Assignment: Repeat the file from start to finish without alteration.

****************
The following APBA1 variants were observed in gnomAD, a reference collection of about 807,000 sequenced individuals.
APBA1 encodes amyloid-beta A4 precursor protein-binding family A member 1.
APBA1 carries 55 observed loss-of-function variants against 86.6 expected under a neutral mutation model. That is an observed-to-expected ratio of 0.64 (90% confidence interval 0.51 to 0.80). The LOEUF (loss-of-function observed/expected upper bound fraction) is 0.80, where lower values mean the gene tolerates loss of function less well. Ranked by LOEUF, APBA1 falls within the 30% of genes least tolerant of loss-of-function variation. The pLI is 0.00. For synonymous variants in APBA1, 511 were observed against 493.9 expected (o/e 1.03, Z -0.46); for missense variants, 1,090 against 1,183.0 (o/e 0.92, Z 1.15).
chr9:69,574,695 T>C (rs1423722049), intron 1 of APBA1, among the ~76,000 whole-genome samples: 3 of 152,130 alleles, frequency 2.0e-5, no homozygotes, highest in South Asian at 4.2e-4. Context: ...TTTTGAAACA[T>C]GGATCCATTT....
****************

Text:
The following APBA1 variants were observed in gnomAD, a reference collection of about 807,000 sequenced individuals.
APBA1 encodes amyloid-beta A4 precursor protein-binding family A member 1.
APBA1 carries 55 observed loss-of-function variants against 86.6 expected under a neutral mutation model. That is an observed-to-expected ratio of 0.64 (90% confidence interval 0.51 to 0.80). The LOEUF (loss-of-function observed/expected upper bound fraction) is 0.80, where lower values mean the gene tolerates loss of function less well. Ranked by LOEUF, APBA1 falls within the 30% of genes least tolerant of loss-of-function variation. The pLI is 0.00. For synonymous variants in APBA1, 511 were observed against 493.9 expected (o/e 1.03, Z -0.46); for missense variants, 1,090 against 1,183.0 (o/e 0.92, Z 1.15).
chr9:69,574,695 T>C (rs1423722049), intron 1 of APBA1, among the ~76,000 whole-genome samples: 3 of 152,130 alleles, frequency 2.0e-5, no homozygotes, highest in South Asian at 4.2e-4. Context: ...TTTTGAAACA[T>C]GGATCCATTT....